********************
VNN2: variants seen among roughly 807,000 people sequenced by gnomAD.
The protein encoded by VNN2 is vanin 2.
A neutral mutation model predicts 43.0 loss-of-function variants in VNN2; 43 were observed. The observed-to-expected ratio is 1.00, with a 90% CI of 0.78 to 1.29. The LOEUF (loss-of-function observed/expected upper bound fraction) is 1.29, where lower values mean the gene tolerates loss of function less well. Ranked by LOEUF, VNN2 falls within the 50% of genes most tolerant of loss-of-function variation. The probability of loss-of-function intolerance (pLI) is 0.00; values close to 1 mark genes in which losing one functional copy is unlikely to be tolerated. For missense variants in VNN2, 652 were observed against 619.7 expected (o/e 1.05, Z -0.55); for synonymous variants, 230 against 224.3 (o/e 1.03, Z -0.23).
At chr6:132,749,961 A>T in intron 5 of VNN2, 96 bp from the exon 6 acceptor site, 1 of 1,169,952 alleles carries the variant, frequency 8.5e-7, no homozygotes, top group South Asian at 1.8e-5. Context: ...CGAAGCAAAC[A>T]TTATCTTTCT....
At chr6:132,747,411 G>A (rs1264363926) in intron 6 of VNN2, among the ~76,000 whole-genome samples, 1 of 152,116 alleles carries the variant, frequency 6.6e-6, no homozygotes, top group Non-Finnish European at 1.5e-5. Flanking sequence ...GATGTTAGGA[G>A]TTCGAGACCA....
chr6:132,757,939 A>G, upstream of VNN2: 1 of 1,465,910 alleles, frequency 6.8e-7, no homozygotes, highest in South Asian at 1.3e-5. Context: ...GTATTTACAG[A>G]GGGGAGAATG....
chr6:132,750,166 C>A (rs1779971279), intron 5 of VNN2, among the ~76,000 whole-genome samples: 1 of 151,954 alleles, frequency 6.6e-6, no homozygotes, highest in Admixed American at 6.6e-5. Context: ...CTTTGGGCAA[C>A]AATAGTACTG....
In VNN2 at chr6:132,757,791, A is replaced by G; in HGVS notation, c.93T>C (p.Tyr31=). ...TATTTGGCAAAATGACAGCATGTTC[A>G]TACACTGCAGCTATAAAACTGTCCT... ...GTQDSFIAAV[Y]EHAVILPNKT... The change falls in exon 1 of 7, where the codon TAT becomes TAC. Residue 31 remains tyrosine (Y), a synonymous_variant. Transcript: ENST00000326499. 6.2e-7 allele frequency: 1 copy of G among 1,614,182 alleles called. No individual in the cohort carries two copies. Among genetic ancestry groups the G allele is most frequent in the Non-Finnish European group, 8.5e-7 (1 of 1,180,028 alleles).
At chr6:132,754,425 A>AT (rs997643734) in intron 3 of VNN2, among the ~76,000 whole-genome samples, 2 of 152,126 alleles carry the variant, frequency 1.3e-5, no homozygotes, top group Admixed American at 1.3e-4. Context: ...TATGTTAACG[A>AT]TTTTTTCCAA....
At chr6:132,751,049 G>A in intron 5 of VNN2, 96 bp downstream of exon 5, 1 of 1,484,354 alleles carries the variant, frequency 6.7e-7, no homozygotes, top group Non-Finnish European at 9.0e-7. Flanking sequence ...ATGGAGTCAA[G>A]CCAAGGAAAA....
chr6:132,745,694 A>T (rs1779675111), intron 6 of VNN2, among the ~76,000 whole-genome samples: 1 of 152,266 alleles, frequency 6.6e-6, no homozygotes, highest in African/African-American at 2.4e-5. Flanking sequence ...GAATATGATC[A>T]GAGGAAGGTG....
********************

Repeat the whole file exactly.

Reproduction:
VNN2: variants seen among roughly 807,000 people sequenced by gnomAD.
The protein encoded by VNN2 is vanin 2.
A neutral mutation model predicts 43.0 loss-of-function variants in VNN2; 43 were observed. The observed-to-expected ratio is 1.00, with a 90% CI of 0.78 to 1.29. The LOEUF (loss-of-function observed/expected upper bound fraction) is 1.29, where lower values mean the gene tolerates loss of function less well. Ranked by LOEUF, VNN2 falls within the 50% of genes most tolerant of loss-of-function variation. The probability of loss-of-function intolerance (pLI) is 0.00; values close to 1 mark genes in which losing one functional copy is unlikely to be tolerated. For missense variants in VNN2, 652 were observed against 619.7 expected (o/e 1.05, Z -0.55); for synonymous variants, 230 against 224.3 (o/e 1.03, Z -0.23).
At chr6:132,749,961 A>T in intron 5 of VNN2, 96 bp from the exon 6 acceptor site, 1 of 1,169,952 alleles carries the variant, frequency 8.5e-7, no homozygotes, top group South Asian at 1.8e-5. Context: ...CGAAGCAAAC[A>T]TTATCTTTCT....
At chr6:132,747,411 G>A (rs1264363926) in intron 6 of VNN2, among the ~76,000 whole-genome samples, 1 of 152,116 alleles carries the variant, frequency 6.6e-6, no homozygotes, top group Non-Finnish European at 1.5e-5. Flanking sequence ...GATGTTAGGA[G>A]TTCGAGACCA....
chr6:132,757,939 A>G, upstream of VNN2: 1 of 1,465,910 alleles, frequency 6.8e-7, no homozygotes, highest in South Asian at 1.3e-5. Context: ...GTATTTACAG[A>G]GGGGAGAATG....
chr6:132,750,166 C>A (rs1779971279), intron 5 of VNN2, among the ~76,000 whole-genome samples: 1 of 151,954 alleles, frequency 6.6e-6, no homozygotes, highest in Admixed American at 6.6e-5. Context: ...CTTTGGGCAA[C>A]AATAGTACTG....
In VNN2 at chr6:132,757,791, A is replaced by G; in HGVS notation, c.93T>C (p.Tyr31=). ...TATTTGGCAAAATGACAGCATGTTC[A>G]TACACTGCAGCTATAAAACTGTCCT... ...GTQDSFIAAV[Y]EHAVILPNKT... The change falls in exon 1 of 7, where the codon TAT becomes TAC. Residue 31 remains tyrosine (Y), a synonymous_variant. Transcript: ENST00000326499. 6.2e-7 allele frequency: 1 copy of G among 1,614,182 alleles called. No individual in the cohort carries two copies. Among genetic ancestry groups the G allele is most frequent in the Non-Finnish European group, 8.5e-7 (1 of 1,180,028 alleles).
At chr6:132,754,425 A>AT (rs997643734) in intron 3 of VNN2, among the ~76,000 whole-genome samples, 2 of 152,126 alleles carry the variant, frequency 1.3e-5, no homozygotes, top group Admixed American at 1.3e-4. Context: ...TATGTTAACG[A>AT]TTTTTTCCAA....
At chr6:132,751,049 G>A in intron 5 of VNN2, 96 bp downstream of exon 5, 1 of 1,484,354 alleles carries the variant, frequency 6.7e-7, no homozygotes, top group Non-Finnish European at 9.0e-7. Flanking sequence ...ATGGAGTCAA[G>A]CCAAGGAAAA....
chr6:132,745,694 A>T (rs1779675111), intron 6 of VNN2, among the ~76,000 whole-genome samples: 1 of 152,266 alleles, frequency 6.6e-6, no homozygotes, highest in African/African-American at 2.4e-5. Flanking sequence ...GAATATGATC[A>T]GAGGAAGGTG....